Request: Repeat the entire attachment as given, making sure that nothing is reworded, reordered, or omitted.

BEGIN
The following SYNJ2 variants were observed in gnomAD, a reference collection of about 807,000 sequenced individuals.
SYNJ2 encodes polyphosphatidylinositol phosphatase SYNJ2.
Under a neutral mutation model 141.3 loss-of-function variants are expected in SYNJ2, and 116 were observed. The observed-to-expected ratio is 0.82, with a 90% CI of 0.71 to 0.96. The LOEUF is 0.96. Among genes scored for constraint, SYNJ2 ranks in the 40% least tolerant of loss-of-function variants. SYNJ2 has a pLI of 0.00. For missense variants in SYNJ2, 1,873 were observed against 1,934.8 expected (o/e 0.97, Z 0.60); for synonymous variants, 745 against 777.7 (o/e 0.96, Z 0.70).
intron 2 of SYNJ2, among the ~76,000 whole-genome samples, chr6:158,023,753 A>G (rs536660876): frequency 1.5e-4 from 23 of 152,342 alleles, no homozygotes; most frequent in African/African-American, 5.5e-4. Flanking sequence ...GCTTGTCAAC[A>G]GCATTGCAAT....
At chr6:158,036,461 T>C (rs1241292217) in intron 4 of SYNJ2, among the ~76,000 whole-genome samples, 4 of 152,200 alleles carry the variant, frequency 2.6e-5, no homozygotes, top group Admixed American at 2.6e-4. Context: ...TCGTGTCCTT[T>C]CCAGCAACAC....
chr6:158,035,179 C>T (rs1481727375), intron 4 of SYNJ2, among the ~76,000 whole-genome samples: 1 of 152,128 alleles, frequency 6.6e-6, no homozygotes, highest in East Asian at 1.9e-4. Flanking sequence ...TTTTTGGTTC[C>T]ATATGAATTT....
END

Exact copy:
The following SYNJ2 variants were observed in gnomAD, a reference collection of about 807,000 sequenced individuals.
SYNJ2 encodes polyphosphatidylinositol phosphatase SYNJ2.
Under a neutral mutation model 141.3 loss-of-function variants are expected in SYNJ2, and 116 were observed. The observed-to-expected ratio is 0.82, with a 90% CI of 0.71 to 0.96. The LOEUF is 0.96. Among genes scored for constraint, SYNJ2 ranks in the 40% least tolerant of loss-of-function variants. SYNJ2 has a pLI of 0.00. For missense variants in SYNJ2, 1,873 were observed against 1,934.8 expected (o/e 0.97, Z 0.60); for synonymous variants, 745 against 777.7 (o/e 0.96, Z 0.70).
intron 2 of SYNJ2, among the ~76,000 whole-genome samples, chr6:158,023,753 A>G (rs536660876): frequency 1.5e-4 from 23 of 152,342 alleles, no homozygotes; most frequent in African/African-American, 5.5e-4. Flanking sequence ...GCTTGTCAAC[A>G]GCATTGCAAT....
At chr6:158,036,461 T>C (rs1241292217) in intron 4 of SYNJ2, among the ~76,000 whole-genome samples, 4 of 152,200 alleles carry the variant, frequency 2.6e-5, no homozygotes, top group Admixed American at 2.6e-4. Context: ...TCGTGTCCTT[T>C]CCAGCAACAC....
chr6:158,035,179 C>T (rs1481727375), intron 4 of SYNJ2, among the ~76,000 whole-genome samples: 1 of 152,128 alleles, frequency 6.6e-6, no homozygotes, highest in East Asian at 1.9e-4. Flanking sequence ...TTTTTGGTTC[C>T]ATATGAATTT....